Subsequent operations

An operation known as the First Attack on Bellewaarde was conducted by the 3rd Division of V Corps on 16 June 1915 and the Second Attack on Bellewaarde, a larger operation, was conducted by the 3rd Division and the 14th Division of VI Corps from 25–26 September 1915. The Battle of Mont Sorrel, south of Ypres with the 20th Division of XIV Corps and the 1st, 2nd and 3rd Canadian divisions of the Canadian Corps, took place from 2–13 June 1916.[38] The Third Battle of Ypres, also known as the Battle of Passchendaele, was fought from July to November in 1917.[39]


Brown, two-column plaque
Battle list of Canadian troops on the Western Front plaque in Currie Hall, Royal Military College of Canada

Canadian participation in the Battle of Gravenstafel is commemorated on the Saint Julien Memorial in the village. During the Second Battle of Ypres, Lt. Col. John Alexander McCrae M.D. of Guelph wrote "In Flanders Fields" in the voice of those who perished in the war. Published in Punch 8 December 1915, the poem is still recited on Remembrance Day and Memorial Day.[40][41]

Lance Sergeant Elmer Cotton described the effects of chlorine gas in 1915:

It produces a flooding of the lungs – it is an equivalent death to drowning only on dry land. The effects are these – a splitting headache and terrific thirst (to drink water is instant death), a knife edge of pain in the lungs and the coughing up of a greenish froth off the stomach and the lungs, ending finally in insensibility and death. The colour of the skin from white turns a greenish black and yellow, the colour protrudes and the eyes assume a glassy stare. It is a fiendish death to die.[42]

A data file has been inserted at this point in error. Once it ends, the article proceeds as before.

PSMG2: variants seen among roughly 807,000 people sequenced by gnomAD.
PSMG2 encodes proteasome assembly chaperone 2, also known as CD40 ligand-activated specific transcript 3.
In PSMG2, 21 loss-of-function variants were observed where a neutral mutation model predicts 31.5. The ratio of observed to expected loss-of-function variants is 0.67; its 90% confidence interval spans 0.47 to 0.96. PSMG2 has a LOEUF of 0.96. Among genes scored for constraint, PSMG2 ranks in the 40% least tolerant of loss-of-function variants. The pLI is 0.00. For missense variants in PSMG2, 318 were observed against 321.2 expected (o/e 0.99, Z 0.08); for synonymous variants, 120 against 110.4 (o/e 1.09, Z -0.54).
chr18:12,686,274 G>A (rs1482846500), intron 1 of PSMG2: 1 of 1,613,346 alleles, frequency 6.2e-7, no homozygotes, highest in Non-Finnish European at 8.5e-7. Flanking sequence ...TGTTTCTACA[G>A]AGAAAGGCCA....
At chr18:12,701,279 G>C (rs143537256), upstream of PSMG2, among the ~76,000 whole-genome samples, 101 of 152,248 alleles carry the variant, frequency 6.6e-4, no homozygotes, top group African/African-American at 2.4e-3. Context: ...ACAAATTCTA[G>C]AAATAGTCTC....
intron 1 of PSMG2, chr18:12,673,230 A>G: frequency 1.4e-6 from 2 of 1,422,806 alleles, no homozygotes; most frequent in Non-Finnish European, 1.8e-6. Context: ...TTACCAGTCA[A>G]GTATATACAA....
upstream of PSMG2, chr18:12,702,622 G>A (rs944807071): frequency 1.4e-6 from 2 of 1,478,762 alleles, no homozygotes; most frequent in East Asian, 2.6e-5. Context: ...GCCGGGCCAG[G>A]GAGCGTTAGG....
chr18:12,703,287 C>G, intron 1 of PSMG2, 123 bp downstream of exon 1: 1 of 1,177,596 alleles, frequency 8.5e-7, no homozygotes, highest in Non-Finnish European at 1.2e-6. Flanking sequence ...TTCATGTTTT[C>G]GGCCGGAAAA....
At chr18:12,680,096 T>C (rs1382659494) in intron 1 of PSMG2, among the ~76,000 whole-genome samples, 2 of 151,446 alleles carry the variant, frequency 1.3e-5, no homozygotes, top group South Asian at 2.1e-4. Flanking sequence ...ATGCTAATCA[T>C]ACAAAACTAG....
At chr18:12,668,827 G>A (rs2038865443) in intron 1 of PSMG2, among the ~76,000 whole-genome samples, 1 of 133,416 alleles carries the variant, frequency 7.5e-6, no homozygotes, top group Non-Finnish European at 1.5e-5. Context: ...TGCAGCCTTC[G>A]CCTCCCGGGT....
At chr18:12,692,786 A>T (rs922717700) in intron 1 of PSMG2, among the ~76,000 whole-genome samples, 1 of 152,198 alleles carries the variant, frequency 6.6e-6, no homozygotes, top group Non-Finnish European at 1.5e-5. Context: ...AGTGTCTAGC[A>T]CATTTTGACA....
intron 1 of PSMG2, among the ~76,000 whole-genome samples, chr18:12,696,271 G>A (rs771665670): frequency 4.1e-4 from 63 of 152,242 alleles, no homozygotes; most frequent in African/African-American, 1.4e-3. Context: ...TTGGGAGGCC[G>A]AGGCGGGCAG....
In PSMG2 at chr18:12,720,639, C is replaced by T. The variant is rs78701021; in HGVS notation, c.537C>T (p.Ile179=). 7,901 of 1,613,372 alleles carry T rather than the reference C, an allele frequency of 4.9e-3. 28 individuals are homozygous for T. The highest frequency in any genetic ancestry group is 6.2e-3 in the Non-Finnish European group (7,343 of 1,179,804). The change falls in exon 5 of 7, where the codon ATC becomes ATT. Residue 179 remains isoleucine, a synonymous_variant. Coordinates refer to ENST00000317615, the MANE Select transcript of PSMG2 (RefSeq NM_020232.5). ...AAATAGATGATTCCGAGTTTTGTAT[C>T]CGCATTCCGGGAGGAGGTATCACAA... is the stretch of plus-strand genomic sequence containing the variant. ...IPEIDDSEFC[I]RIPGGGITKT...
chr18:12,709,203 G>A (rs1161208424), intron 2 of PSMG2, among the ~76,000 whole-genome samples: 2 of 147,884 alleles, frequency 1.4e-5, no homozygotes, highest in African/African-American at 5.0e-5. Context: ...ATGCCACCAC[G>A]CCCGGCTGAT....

Victoria Cross recipients

See also


  1. The order is attributed to a Medical Officer, Capt. F.A.C. Scrimger.[20] Memoirs of two individuals at the battle do not recount this episode (see Nasmith, 1917 and Scott, 1922), though Nasmith, a chemist and bacteriologist who was commissioned in the C.A.M.C. as a laboratory and sanitation officer, recognized the gas on sight as chlorine and the following day began work on devising an effective way to counteract the gas. Urea in urine would react with chlorine, neutralising it by forming dichlorourea. See Chattaway (1908).
  2. Chlorine gas destroyed the respiratory organs of its victims and this led to a slow death by asphyxiation. One nurse described the death of one soldier who had been in the trenches during a chlorine gas attack. "He was sitting on the bed, fighting for breath, his lips plum coloured. He was a magnificent young Canadian past all hope in the asphyxia of chlorine. I shall never forget the look in his eyes as he turned to me and gasped: I can’t die! Is it possible that nothing can be done for me?" Chlorine made the victim cough and therefore limited his intake of the poison. Both sides found that phosgene was more effective, since only a small amount was needed to make it impossible for the soldier to keep fighting. It also killed its victim within 48 hours of the attack.
  3. The picture in the top right of this article depicts Princess Patricia's Canadian Light Infantry as they fought to halt the German attack on Frezenberg. The original mural hangs in the Senate of the main Parliament Building in Ottawa, Ontario, Canada. In the battle, 2/3 of the regiment were either killed or wounded and all but two two officers were killed or wounded in the battle. By the end of the battle, the regiment was commanded by a lieutenant.